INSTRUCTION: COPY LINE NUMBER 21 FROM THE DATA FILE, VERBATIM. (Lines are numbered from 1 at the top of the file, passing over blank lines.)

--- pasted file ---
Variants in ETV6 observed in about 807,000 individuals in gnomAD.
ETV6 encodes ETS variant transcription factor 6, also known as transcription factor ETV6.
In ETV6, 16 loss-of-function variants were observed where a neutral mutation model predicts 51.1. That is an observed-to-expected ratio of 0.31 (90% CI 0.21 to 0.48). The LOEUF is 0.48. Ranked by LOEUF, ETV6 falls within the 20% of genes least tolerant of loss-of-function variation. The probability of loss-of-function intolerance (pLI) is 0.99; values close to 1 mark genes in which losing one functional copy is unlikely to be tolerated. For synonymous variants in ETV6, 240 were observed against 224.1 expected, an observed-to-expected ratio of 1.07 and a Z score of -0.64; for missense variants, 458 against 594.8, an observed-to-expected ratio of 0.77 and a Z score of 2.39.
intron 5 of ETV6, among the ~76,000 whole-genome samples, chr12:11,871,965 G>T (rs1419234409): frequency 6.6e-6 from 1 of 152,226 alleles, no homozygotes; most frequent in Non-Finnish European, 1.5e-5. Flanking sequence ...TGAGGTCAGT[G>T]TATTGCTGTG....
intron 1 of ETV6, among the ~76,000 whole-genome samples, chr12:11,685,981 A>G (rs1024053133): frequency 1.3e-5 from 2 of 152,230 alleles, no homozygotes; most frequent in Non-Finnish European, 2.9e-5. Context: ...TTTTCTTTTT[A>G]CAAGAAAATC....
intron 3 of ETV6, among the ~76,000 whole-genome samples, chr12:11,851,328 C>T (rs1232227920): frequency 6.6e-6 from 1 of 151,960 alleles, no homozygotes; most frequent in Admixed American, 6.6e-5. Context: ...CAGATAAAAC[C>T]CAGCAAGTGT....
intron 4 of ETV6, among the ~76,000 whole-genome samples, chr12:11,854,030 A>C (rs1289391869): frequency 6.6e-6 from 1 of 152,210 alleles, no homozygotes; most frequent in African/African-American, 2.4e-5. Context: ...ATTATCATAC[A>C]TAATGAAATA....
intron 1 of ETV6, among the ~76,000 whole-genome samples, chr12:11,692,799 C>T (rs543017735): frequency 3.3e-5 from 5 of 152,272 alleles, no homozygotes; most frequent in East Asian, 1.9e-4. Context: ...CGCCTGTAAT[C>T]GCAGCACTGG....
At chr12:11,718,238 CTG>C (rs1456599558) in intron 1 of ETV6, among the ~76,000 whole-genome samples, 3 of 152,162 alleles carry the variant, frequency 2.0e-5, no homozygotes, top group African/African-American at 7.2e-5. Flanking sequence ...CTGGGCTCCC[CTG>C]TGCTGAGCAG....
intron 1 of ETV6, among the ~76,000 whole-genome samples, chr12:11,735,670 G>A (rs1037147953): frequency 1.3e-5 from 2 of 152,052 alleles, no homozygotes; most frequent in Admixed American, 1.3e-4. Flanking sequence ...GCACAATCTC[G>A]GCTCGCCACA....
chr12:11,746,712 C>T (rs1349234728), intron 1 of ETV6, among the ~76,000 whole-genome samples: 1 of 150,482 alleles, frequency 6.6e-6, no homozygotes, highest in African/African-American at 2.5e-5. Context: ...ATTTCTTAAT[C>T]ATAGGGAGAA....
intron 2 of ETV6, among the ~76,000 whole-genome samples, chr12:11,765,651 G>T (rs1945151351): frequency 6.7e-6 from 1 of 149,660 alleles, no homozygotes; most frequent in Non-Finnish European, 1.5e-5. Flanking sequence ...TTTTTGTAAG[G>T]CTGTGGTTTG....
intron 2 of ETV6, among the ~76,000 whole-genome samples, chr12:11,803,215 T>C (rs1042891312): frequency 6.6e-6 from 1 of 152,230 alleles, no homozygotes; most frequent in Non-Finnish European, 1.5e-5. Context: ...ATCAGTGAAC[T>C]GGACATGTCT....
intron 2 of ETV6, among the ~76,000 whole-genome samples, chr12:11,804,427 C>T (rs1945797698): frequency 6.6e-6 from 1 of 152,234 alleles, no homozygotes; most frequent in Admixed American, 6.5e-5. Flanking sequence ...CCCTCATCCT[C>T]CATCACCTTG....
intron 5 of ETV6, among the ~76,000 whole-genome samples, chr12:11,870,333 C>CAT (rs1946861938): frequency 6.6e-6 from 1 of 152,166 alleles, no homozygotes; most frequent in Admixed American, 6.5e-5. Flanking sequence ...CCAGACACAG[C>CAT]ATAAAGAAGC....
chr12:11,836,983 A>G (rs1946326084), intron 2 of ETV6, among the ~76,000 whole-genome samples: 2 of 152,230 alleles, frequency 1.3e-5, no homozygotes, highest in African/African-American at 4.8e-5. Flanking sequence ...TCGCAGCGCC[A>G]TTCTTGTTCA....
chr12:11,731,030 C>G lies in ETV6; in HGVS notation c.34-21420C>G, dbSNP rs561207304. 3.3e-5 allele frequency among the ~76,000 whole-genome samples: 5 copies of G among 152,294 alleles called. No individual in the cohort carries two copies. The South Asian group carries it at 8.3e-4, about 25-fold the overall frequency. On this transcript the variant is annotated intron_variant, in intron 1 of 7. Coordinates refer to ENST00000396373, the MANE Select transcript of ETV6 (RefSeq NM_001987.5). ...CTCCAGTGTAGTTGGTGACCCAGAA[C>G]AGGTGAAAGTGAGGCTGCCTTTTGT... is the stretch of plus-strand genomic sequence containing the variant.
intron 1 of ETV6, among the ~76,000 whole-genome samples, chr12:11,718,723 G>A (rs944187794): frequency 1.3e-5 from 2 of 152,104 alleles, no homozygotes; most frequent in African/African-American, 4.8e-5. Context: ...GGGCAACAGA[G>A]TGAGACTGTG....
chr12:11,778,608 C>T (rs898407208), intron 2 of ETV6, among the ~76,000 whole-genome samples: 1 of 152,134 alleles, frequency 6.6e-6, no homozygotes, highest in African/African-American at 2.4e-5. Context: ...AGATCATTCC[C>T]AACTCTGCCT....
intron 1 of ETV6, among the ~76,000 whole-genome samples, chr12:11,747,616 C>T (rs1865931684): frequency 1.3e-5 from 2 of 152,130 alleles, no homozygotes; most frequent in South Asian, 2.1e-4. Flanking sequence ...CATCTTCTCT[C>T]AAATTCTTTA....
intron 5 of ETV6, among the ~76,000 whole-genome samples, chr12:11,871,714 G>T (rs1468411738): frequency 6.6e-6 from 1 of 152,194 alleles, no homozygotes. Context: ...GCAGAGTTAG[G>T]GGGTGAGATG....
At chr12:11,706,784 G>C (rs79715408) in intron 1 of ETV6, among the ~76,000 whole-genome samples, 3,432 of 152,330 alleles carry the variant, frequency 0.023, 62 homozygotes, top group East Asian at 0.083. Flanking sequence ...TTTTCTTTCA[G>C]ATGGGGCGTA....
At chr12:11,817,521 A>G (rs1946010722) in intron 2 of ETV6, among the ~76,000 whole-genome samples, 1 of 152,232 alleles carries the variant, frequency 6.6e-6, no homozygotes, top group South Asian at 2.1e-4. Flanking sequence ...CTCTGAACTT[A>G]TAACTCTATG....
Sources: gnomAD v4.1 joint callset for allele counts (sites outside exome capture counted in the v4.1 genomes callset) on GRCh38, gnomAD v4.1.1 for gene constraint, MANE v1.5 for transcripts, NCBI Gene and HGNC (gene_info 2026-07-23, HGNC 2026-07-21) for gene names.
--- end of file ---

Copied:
intron 5 of ETV6, among the ~76,000 whole-genome samples, chr12:11,871,714 G>T (rs1468411738): frequency 6.6e-6 from 1 of 152,194 alleles, no homozygotes. Context: ...GCAGAGTTAG[G>T]GGGTGAGATG....